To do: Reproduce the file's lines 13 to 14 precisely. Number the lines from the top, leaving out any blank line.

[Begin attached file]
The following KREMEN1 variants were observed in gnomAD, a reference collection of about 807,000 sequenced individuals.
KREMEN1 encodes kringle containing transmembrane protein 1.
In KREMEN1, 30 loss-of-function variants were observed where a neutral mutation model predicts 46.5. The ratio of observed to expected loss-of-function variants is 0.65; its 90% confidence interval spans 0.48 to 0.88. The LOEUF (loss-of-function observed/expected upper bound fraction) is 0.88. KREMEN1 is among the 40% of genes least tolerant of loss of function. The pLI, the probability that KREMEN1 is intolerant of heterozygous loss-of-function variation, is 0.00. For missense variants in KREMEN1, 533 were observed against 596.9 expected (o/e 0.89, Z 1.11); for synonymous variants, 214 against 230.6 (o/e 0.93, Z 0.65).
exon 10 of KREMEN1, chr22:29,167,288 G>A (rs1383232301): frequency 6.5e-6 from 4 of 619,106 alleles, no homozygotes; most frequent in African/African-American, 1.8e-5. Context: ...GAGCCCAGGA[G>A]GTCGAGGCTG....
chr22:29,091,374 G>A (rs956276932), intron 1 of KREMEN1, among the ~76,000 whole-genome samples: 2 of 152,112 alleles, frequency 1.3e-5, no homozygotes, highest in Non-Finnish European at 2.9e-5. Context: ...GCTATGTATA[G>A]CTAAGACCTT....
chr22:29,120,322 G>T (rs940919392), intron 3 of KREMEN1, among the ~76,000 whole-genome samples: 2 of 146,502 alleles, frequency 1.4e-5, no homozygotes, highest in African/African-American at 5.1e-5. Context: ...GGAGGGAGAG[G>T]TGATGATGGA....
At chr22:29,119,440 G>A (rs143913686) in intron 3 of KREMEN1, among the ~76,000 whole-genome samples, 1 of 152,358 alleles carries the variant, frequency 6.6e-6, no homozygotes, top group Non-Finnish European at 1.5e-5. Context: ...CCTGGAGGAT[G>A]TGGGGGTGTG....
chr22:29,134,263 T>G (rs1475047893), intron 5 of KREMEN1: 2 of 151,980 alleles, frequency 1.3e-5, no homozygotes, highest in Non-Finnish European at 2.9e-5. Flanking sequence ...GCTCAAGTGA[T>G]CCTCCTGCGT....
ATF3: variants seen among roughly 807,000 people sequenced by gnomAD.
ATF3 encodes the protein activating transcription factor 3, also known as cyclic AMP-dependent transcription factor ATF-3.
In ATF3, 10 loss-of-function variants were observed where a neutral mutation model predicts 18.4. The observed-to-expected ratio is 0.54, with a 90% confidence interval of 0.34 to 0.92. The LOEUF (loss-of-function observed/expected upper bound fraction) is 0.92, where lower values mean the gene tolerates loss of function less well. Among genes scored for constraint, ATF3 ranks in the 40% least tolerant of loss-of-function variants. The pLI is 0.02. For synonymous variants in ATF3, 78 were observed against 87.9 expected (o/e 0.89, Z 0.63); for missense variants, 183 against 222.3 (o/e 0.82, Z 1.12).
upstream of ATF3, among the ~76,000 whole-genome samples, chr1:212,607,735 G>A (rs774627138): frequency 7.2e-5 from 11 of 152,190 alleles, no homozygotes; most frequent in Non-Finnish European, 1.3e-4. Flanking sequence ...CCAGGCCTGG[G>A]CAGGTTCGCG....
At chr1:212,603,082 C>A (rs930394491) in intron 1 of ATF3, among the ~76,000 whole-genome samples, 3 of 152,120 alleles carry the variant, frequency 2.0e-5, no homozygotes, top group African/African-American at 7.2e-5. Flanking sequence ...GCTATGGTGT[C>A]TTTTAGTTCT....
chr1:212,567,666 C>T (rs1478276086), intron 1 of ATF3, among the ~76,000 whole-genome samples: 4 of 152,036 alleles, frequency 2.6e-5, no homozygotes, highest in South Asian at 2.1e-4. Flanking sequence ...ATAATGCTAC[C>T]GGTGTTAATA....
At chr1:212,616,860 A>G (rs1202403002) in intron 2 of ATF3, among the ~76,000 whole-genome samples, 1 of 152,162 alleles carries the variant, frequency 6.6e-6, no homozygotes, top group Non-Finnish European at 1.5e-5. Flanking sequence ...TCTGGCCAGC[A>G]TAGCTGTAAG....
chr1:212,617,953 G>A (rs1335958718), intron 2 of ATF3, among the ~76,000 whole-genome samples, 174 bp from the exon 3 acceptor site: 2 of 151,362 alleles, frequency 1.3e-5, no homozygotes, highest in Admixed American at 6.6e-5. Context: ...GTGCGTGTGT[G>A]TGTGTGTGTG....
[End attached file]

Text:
At chr1:212,603,082 C>A (rs930394491) in intron 1 of ATF3, among the ~76,000 whole-genome samples, 3 of 152,120 alleles carry the variant, frequency 2.0e-5, no homozygotes, top group African/African-American at 7.2e-5. Flanking sequence ...GCTATGGTGT[C>A]TTTTAGTTCT....
chr1:212,567,666 C>T (rs1478276086), intron 1 of ATF3, among the ~76,000 whole-genome samples: 4 of 152,036 alleles, frequency 2.6e-5, no homozygotes, highest in South Asian at 2.1e-4. Flanking sequence ...ATAATGCTAC[C>T]GGTGTTAATA....